In 2010, the Dodd-Frank Wall Street Reform and Consumer Protection Act was signed into law. The Dodd Frank Act is a massive piece of legislation (more than 2,300 pages), which was passed with the purpose of addressing countless problem areas in order to prevent a recurrence of the 2008 U.S. housing and financial crisis.
These new requirements have and will continue to affect the way mortgage loans are generated in the U.S.
Among other things, this act required the creation of new rules for the mortgage industry as well as a new Consumer Financial Protection Bureau to enforce the rules. Many of the new rules and regulations have already been implemented; however, the mortgage industry continues to receive new guidance with the latest rules slated to go into effect in January 2014.
Prior to these new requirements, mortgage lenders frequently utilized “low doc” loan programs requiring little or no documentation. For many consumers, these programs were utilized successfully and they and allowed responsible borrowers to go through the mortgage process without having to provide an unreasonable amount of financial documentation. Unfortunately, other consumers and lenders used these programs irresponsibly-- It is widely accepted that such practices contributed to the U.S. housing and financial crisis. At the heart of the new rules going into effect in 2014 is the Ability-to-Repay rule designed to prevent the recurrence of such events.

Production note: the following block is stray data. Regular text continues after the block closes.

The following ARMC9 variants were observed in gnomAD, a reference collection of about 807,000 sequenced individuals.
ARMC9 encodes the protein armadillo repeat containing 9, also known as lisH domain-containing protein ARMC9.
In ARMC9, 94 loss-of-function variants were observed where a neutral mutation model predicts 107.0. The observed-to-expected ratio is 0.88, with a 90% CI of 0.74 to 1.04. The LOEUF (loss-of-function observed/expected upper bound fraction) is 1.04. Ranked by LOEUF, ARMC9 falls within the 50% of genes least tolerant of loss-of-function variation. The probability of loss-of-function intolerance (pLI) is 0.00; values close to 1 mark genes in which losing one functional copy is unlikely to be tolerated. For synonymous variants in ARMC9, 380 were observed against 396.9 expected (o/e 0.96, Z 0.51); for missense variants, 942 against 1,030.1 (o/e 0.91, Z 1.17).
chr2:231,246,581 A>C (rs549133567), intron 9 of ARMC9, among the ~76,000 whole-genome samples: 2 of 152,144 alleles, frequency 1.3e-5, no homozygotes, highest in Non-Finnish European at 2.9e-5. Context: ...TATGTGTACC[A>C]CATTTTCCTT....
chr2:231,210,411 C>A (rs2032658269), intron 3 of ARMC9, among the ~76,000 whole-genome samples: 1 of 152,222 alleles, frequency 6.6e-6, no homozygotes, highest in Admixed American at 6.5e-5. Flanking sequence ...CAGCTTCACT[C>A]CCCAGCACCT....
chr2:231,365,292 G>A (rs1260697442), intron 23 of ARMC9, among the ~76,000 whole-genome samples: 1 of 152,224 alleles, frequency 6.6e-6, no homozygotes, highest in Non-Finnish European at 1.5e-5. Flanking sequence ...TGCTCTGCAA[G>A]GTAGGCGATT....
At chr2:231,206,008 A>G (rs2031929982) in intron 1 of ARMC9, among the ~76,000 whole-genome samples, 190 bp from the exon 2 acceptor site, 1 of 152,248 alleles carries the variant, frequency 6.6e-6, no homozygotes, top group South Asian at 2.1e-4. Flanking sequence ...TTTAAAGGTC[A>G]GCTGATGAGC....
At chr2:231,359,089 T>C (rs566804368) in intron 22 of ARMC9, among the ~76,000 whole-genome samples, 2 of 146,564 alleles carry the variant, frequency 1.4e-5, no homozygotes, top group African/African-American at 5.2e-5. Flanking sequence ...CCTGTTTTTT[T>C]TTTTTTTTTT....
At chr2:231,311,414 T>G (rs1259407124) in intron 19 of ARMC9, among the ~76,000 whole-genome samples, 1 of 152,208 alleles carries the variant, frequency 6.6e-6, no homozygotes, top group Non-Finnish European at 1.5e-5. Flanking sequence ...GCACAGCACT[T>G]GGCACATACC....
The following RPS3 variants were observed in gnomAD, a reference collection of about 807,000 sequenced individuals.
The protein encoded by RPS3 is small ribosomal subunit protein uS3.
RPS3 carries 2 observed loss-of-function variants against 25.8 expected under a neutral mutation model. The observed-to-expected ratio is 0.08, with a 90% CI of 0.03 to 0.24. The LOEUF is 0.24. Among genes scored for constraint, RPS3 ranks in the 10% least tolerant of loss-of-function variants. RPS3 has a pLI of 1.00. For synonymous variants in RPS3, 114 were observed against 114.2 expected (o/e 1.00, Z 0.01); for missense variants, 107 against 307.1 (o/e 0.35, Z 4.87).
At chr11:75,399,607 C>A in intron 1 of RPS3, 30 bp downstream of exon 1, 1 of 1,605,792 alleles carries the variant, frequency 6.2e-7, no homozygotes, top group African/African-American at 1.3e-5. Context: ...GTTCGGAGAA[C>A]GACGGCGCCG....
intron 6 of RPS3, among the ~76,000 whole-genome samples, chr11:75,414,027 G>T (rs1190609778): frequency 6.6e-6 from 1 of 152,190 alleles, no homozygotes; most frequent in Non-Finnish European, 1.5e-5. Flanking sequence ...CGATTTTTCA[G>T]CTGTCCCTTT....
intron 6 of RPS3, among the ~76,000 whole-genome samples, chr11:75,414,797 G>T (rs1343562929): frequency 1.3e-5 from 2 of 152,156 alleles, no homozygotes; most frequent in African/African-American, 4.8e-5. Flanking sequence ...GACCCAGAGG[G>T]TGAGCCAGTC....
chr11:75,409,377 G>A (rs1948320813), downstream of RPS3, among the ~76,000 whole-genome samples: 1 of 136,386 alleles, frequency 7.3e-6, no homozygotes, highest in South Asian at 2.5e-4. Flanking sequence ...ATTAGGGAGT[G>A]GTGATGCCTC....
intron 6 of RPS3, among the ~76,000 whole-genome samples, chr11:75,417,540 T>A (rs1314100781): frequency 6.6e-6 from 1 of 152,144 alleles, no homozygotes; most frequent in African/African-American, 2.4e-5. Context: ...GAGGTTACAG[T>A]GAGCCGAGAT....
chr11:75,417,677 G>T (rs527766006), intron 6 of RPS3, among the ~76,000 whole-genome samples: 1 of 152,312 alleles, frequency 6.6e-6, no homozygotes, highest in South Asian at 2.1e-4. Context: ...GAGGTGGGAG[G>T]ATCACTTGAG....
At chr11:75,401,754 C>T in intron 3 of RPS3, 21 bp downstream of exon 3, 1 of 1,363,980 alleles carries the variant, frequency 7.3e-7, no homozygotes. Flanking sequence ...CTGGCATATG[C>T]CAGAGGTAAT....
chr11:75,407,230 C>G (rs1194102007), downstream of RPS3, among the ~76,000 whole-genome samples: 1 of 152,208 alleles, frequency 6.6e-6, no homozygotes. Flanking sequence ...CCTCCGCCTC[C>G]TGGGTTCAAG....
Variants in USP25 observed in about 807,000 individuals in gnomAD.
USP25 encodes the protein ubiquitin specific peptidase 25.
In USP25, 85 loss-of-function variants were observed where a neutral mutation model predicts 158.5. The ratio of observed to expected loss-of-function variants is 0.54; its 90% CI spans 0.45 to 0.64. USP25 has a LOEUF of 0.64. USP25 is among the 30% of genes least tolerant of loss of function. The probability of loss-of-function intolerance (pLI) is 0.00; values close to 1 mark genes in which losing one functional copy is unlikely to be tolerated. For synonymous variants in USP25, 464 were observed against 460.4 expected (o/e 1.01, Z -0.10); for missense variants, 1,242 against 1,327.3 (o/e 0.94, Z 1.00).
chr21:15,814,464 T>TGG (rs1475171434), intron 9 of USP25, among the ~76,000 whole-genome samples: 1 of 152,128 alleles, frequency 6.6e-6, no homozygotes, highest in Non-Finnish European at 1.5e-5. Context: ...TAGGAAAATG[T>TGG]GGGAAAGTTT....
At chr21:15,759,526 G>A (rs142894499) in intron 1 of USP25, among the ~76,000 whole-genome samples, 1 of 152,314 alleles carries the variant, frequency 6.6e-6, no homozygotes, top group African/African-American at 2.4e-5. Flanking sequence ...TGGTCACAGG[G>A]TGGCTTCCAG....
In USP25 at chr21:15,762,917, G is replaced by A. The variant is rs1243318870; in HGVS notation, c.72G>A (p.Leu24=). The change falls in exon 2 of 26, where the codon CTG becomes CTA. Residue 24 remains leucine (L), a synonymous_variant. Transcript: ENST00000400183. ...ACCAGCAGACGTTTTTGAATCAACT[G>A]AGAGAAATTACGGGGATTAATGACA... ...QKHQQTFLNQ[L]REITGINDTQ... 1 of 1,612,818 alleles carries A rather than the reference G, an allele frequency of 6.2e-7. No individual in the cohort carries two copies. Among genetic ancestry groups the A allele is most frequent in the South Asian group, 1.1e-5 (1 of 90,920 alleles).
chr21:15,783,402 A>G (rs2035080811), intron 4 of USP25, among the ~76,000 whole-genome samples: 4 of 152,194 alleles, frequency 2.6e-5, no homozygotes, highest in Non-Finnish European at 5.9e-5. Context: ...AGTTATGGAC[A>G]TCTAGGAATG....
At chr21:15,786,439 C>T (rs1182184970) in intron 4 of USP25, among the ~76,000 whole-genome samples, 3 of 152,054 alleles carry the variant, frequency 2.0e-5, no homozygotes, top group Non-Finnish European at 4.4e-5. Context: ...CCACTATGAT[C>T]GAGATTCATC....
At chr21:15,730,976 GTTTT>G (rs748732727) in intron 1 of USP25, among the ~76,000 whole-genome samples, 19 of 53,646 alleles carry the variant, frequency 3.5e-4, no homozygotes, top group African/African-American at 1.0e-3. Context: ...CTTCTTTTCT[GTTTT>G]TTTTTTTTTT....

The Ability-to-Repay rule requires that specific financial documents be provided and verified. Under these new rules, for most consumers, the mortgage underwriting process will continue to generally feel more rigid and require more documentation. Despite the ever-changing nature of the regulatory landscape, many mortgage professionals are adapting and adjusting well to this environment. As a borrower, it may help to be aware of these new documentation requirements and understand the variables that affect the length and difficulty of the mortgage underwriting process. The best thing you can do during the mortgage process is stay in touch with your loan officer, and resolve any documentation conditions that may arise as quickly as possible.
This blog article is for informational purposes only, and is not an advertisement for a product or service. The accuracy and completeness is not guaranteed and does not constitute legal or tax advice. Please consult with your own tax, legal, and financial advisors.